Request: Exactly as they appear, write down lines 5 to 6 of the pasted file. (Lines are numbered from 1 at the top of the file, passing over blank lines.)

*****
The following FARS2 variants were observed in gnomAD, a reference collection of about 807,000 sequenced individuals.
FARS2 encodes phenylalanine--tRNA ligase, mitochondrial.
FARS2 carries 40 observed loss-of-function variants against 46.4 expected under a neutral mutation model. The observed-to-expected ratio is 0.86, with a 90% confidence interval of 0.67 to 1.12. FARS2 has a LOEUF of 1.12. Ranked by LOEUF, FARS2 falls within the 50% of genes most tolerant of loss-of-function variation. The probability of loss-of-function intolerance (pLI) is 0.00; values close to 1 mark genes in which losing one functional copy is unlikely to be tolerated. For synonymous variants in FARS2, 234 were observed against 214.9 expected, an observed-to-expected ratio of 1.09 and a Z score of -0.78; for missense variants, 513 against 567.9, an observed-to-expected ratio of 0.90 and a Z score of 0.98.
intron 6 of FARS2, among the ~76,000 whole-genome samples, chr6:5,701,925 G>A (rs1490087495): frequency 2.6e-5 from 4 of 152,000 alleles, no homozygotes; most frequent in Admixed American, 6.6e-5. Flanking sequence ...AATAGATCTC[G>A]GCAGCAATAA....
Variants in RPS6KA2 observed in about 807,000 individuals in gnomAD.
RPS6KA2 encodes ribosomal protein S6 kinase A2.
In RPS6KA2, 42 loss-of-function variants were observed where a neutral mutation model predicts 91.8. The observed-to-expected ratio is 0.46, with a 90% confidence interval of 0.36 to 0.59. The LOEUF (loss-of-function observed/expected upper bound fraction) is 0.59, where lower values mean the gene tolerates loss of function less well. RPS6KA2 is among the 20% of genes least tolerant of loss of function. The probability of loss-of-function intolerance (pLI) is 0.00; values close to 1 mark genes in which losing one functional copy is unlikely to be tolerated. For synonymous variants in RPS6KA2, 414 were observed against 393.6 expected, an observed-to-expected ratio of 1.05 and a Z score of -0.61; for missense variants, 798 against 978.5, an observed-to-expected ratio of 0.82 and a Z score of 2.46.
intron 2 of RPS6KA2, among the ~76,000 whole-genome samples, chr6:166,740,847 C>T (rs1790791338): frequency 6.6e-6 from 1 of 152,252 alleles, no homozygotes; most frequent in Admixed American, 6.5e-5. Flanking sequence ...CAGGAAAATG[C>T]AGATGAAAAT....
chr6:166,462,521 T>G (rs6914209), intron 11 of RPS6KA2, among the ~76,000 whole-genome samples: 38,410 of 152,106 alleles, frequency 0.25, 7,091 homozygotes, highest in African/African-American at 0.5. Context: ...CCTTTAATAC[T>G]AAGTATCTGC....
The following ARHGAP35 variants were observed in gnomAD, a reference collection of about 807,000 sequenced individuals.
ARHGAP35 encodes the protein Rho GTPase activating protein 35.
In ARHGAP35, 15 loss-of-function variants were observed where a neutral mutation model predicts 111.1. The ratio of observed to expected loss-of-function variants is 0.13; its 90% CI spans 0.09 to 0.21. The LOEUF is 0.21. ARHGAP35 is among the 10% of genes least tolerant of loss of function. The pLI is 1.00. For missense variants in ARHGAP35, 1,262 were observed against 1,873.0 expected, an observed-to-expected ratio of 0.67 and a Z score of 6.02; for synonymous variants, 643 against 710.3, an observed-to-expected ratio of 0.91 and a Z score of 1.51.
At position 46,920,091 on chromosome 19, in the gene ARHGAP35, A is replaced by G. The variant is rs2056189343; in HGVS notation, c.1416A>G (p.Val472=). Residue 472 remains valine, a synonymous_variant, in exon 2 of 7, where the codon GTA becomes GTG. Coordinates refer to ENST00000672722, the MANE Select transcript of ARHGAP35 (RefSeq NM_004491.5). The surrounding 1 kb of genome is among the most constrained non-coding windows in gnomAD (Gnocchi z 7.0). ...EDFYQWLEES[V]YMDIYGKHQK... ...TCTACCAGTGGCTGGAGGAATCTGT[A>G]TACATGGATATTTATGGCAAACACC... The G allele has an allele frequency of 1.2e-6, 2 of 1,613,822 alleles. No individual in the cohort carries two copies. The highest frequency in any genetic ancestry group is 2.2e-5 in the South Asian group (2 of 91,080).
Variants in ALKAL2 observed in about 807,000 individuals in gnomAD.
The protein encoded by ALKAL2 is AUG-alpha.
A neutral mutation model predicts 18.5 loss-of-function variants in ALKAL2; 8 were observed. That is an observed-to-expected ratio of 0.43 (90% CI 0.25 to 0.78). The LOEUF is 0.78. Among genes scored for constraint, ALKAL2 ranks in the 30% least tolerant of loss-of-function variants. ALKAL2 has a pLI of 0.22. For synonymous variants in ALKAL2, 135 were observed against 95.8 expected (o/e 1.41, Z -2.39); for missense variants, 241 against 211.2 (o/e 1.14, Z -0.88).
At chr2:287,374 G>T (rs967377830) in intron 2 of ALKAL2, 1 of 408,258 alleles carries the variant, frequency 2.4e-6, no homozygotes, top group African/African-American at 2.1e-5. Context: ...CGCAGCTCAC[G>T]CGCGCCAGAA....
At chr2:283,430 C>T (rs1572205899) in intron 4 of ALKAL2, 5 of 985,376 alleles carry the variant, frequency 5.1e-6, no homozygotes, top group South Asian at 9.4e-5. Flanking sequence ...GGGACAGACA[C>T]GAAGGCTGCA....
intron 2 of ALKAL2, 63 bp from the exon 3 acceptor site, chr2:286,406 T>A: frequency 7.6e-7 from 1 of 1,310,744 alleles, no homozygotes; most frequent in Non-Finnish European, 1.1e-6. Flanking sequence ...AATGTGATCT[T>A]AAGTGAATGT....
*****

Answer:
Variants in RPS6KA2 observed in about 807,000 individuals in gnomAD.
RPS6KA2 encodes ribosomal protein S6 kinase A2.